A couple of years ago I wrote about the preacher’s cutting room. It is normal to finish a sermon and have material left over, content that was not shared. If we are honest, some of it was not shared because it was not worth sharing, or because it might cause an unnecessary stir. But some material is good material. What to do with it?
1. File it for a future message. This is particularly the case with illustrative material that could be adapted and used at another time. The key here is to have a filing system that will allow you to retrieve it when you need it. The other piece that fits in this category is exegetical notes on the passage that may be useful next time the passage is preached – so of course it is worth compiling and filing a set of exegetical notes (I presume you do this with every passage you study?)
2. Preach a Second Sermon. If the schedule and setting allows it, I am a big fan of the idea of preaching a second sermon on the same text. We so easily move on without taking time for things to sink in, but a second sermon on the same text would allow for reviewing the main content, and for development and reinforcement of application (which often can get short-changed if you do a good job of explaining the text in the first sermon). Churches with a morning and evening service would do well to consider this approach.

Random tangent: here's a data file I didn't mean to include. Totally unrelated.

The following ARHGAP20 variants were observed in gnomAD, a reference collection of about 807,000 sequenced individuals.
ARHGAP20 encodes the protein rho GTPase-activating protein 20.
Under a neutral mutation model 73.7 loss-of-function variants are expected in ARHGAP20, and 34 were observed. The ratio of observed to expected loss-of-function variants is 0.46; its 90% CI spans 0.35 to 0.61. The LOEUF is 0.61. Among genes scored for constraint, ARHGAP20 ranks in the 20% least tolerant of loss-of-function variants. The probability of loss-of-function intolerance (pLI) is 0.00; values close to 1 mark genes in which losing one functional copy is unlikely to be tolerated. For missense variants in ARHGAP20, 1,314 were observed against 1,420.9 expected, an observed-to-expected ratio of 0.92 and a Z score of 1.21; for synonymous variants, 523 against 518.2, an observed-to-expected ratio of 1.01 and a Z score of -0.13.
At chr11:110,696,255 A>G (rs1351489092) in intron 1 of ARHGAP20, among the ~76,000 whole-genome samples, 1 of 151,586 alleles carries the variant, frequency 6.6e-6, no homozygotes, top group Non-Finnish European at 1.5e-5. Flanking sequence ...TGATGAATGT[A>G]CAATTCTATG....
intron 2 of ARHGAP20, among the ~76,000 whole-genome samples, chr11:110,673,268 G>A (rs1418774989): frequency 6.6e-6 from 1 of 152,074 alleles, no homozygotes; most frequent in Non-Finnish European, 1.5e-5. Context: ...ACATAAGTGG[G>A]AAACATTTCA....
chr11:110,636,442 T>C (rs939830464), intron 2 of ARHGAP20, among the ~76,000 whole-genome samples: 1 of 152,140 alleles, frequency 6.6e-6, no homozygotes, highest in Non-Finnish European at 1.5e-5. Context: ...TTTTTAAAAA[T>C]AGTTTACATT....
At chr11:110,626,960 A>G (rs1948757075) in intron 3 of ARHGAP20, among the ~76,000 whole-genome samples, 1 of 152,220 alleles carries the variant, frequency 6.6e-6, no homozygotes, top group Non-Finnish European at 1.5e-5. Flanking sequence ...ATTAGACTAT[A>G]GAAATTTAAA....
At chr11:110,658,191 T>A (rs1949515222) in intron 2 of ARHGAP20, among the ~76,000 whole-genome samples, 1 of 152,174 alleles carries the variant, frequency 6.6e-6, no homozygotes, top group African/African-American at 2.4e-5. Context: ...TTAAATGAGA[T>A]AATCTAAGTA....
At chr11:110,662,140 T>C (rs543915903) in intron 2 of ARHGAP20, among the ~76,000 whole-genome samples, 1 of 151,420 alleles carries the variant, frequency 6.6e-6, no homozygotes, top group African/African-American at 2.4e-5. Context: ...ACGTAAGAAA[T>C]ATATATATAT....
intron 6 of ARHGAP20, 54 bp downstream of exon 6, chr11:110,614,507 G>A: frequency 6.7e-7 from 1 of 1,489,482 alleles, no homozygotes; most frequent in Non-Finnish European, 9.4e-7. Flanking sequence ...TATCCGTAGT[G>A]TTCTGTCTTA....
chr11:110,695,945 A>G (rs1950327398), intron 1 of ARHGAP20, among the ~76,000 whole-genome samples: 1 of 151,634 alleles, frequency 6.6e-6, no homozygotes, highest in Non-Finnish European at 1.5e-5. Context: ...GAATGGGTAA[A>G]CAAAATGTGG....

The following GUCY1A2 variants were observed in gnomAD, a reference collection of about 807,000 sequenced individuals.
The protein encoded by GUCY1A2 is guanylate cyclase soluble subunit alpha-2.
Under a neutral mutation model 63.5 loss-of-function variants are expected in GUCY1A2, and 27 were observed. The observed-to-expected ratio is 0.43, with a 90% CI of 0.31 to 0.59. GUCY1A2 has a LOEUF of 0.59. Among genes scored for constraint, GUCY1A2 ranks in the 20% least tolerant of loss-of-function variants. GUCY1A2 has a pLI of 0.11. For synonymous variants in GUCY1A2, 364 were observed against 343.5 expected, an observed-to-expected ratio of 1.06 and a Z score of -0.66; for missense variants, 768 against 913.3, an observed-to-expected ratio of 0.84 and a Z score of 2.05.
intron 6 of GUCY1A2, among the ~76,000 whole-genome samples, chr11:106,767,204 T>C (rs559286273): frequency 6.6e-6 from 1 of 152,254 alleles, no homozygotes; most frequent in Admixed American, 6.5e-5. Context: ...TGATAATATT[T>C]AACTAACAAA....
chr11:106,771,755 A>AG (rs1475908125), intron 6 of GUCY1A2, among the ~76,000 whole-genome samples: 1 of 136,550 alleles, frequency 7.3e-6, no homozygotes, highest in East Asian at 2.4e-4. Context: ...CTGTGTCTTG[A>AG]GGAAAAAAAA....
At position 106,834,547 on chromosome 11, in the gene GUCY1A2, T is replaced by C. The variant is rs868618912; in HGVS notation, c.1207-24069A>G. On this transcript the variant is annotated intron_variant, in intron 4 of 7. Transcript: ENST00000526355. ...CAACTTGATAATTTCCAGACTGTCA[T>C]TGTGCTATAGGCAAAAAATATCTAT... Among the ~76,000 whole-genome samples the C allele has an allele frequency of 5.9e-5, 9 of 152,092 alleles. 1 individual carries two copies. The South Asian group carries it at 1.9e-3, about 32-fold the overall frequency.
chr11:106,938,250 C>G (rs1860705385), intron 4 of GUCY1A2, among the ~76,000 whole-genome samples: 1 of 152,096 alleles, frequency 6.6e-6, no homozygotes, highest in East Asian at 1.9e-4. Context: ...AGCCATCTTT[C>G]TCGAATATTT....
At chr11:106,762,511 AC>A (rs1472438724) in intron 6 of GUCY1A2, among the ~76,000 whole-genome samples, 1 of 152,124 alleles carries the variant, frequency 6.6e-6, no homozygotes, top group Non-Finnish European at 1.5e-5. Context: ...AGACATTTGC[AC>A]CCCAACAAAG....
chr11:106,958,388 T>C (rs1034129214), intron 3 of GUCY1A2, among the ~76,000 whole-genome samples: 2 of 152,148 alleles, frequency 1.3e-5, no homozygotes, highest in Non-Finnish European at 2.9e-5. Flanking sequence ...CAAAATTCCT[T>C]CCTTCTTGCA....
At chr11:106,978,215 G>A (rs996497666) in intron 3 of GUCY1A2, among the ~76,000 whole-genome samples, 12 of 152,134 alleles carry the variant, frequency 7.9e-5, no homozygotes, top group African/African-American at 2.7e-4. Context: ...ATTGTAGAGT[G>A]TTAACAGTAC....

3. Have a Q&A or interaction session of some kind. Perhaps a Q&A session, or a smaller group setting for those who want to interact about the sermon. I’ve heard of these kind of things, but wonder how this is not adding another meeting to typically overloaded church schedules.
4. Post Out Takes Online? I wonder if anyone has tried this approach? Using facebook or a blog, it would be easy for a preacher to follow up a message with a handful of sermon pieces that were omitted for the Sunday, but could then provide a venue for people in the church to follow up the sermon and interact with it and with each other online. I like this idea, anyone do something similar and able to share your experience?
5. Podcast the Out Takes? Similar to above, but why not record a few minutes of reflection and get those online within a day or so. This would also allow opportunity to respond to any questions that have been asked (perhaps clarifying something or helping with any misunderstanding that became clear from feedback received).
Any other suggestions? I preached last Sunday and could easily have shared a further 10-15 minutes of material if either an online blog or pod system were in place. I’m really intrigued to know if anyone has experience to share with us . . .